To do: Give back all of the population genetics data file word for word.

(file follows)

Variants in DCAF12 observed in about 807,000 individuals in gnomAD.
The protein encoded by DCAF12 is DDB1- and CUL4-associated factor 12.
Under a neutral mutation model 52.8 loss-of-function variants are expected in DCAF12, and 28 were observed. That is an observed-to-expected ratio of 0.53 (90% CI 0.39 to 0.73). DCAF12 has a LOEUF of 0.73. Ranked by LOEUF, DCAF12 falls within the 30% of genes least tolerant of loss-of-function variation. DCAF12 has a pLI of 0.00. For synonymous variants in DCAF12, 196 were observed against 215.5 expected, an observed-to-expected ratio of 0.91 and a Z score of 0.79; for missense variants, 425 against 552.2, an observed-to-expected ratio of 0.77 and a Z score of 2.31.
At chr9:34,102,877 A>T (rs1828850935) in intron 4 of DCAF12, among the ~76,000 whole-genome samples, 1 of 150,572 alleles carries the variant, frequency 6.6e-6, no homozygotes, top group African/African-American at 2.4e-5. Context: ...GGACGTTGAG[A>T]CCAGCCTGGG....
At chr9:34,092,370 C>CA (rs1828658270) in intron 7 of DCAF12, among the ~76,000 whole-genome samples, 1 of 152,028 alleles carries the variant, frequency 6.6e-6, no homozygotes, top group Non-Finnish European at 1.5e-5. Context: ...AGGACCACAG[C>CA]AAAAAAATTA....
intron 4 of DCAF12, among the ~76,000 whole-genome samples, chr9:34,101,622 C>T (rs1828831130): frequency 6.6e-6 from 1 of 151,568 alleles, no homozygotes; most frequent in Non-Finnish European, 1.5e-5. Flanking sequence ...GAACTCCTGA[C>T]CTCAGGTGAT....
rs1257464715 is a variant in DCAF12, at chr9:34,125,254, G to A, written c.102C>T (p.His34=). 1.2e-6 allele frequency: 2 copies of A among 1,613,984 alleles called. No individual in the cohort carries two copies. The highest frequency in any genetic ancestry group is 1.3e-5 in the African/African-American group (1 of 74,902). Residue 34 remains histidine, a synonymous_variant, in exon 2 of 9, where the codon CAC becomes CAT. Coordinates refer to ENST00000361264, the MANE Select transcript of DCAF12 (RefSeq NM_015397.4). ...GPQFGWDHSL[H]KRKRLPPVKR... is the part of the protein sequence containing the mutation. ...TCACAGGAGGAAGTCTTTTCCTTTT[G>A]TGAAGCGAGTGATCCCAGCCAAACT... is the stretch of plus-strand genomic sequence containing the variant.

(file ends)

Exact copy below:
Variants in DCAF12 observed in about 807,000 individuals in gnomAD.
The protein encoded by DCAF12 is DDB1- and CUL4-associated factor 12.
Under a neutral mutation model 52.8 loss-of-function variants are expected in DCAF12, and 28 were observed. That is an observed-to-expected ratio of 0.53 (90% CI 0.39 to 0.73). DCAF12 has a LOEUF of 0.73. Ranked by LOEUF, DCAF12 falls within the 30% of genes least tolerant of loss-of-function variation. DCAF12 has a pLI of 0.00. For synonymous variants in DCAF12, 196 were observed against 215.5 expected, an observed-to-expected ratio of 0.91 and a Z score of 0.79; for missense variants, 425 against 552.2, an observed-to-expected ratio of 0.77 and a Z score of 2.31.
At chr9:34,102,877 A>T (rs1828850935) in intron 4 of DCAF12, among the ~76,000 whole-genome samples, 1 of 150,572 alleles carries the variant, frequency 6.6e-6, no homozygotes, top group African/African-American at 2.4e-5. Context: ...GGACGTTGAG[A>T]CCAGCCTGGG....
At chr9:34,092,370 C>CA (rs1828658270) in intron 7 of DCAF12, among the ~76,000 whole-genome samples, 1 of 152,028 alleles carries the variant, frequency 6.6e-6, no homozygotes, top group Non-Finnish European at 1.5e-5. Context: ...AGGACCACAG[C>CA]AAAAAAATTA....
intron 4 of DCAF12, among the ~76,000 whole-genome samples, chr9:34,101,622 C>T (rs1828831130): frequency 6.6e-6 from 1 of 151,568 alleles, no homozygotes; most frequent in Non-Finnish European, 1.5e-5. Flanking sequence ...GAACTCCTGA[C>T]CTCAGGTGAT....
rs1257464715 is a variant in DCAF12, at chr9:34,125,254, G to A, written c.102C>T (p.His34=). 1.2e-6 allele frequency: 2 copies of A among 1,613,984 alleles called. No individual in the cohort carries two copies. The highest frequency in any genetic ancestry group is 1.3e-5 in the African/African-American group (1 of 74,902). Residue 34 remains histidine, a synonymous_variant, in exon 2 of 9, where the codon CAC becomes CAT. Coordinates refer to ENST00000361264, the MANE Select transcript of DCAF12 (RefSeq NM_015397.4). ...GPQFGWDHSL[H]KRKRLPPVKR... is the part of the protein sequence containing the mutation. ...TCACAGGAGGAAGTCTTTTCCTTTT[G>A]TGAAGCGAGTGATCCCAGCCAAACT... is the stretch of plus-strand genomic sequence containing the variant.